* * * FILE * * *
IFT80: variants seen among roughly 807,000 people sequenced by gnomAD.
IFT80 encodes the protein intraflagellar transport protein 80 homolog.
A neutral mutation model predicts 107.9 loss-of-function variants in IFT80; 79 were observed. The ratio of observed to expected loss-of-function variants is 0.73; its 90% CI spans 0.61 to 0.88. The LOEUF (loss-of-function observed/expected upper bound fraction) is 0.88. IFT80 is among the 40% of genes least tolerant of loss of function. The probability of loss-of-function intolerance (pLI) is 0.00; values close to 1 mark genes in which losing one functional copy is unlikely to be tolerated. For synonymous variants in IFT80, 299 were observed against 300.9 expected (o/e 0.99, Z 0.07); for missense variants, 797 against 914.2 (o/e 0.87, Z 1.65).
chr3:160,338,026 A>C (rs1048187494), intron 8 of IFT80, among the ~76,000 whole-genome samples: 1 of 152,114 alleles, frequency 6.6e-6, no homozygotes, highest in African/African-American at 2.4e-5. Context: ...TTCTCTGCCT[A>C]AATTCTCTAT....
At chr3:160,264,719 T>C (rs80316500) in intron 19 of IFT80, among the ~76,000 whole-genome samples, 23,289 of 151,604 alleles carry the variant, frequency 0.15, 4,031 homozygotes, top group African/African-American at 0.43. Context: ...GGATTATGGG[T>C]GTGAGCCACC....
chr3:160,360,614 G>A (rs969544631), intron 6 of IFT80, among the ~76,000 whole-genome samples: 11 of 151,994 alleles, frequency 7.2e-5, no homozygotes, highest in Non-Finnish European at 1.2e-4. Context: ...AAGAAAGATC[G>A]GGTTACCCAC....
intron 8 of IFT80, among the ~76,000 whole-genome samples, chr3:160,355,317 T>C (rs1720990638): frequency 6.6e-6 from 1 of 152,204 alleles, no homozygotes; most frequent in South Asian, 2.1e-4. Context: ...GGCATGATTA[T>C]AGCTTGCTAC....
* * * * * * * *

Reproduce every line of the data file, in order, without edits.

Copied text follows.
IFT80: variants seen among roughly 807,000 people sequenced by gnomAD.
IFT80 encodes the protein intraflagellar transport protein 80 homolog.
A neutral mutation model predicts 107.9 loss-of-function variants in IFT80; 79 were observed. The ratio of observed to expected loss-of-function variants is 0.73; its 90% CI spans 0.61 to 0.88. The LOEUF (loss-of-function observed/expected upper bound fraction) is 0.88. IFT80 is among the 40% of genes least tolerant of loss of function. The probability of loss-of-function intolerance (pLI) is 0.00; values close to 1 mark genes in which losing one functional copy is unlikely to be tolerated. For synonymous variants in IFT80, 299 were observed against 300.9 expected (o/e 0.99, Z 0.07); for missense variants, 797 against 914.2 (o/e 0.87, Z 1.65).
chr3:160,338,026 A>C (rs1048187494), intron 8 of IFT80, among the ~76,000 whole-genome samples: 1 of 152,114 alleles, frequency 6.6e-6, no homozygotes, highest in African/African-American at 2.4e-5. Context: ...TTCTCTGCCT[A>C]AATTCTCTAT....
At chr3:160,264,719 T>C (rs80316500) in intron 19 of IFT80, among the ~76,000 whole-genome samples, 23,289 of 151,604 alleles carry the variant, frequency 0.15, 4,031 homozygotes, top group African/African-American at 0.43. Context: ...GGATTATGGG[T>C]GTGAGCCACC....
chr3:160,360,614 G>A (rs969544631), intron 6 of IFT80, among the ~76,000 whole-genome samples: 11 of 151,994 alleles, frequency 7.2e-5, no homozygotes, highest in Non-Finnish European at 1.2e-4. Context: ...AAGAAAGATC[G>A]GGTTACCCAC....
intron 8 of IFT80, among the ~76,000 whole-genome samples, chr3:160,355,317 T>C (rs1720990638): frequency 6.6e-6 from 1 of 152,204 alleles, no homozygotes; most frequent in South Asian, 2.1e-4. Context: ...GGCATGATTA[T>C]AGCTTGCTAC....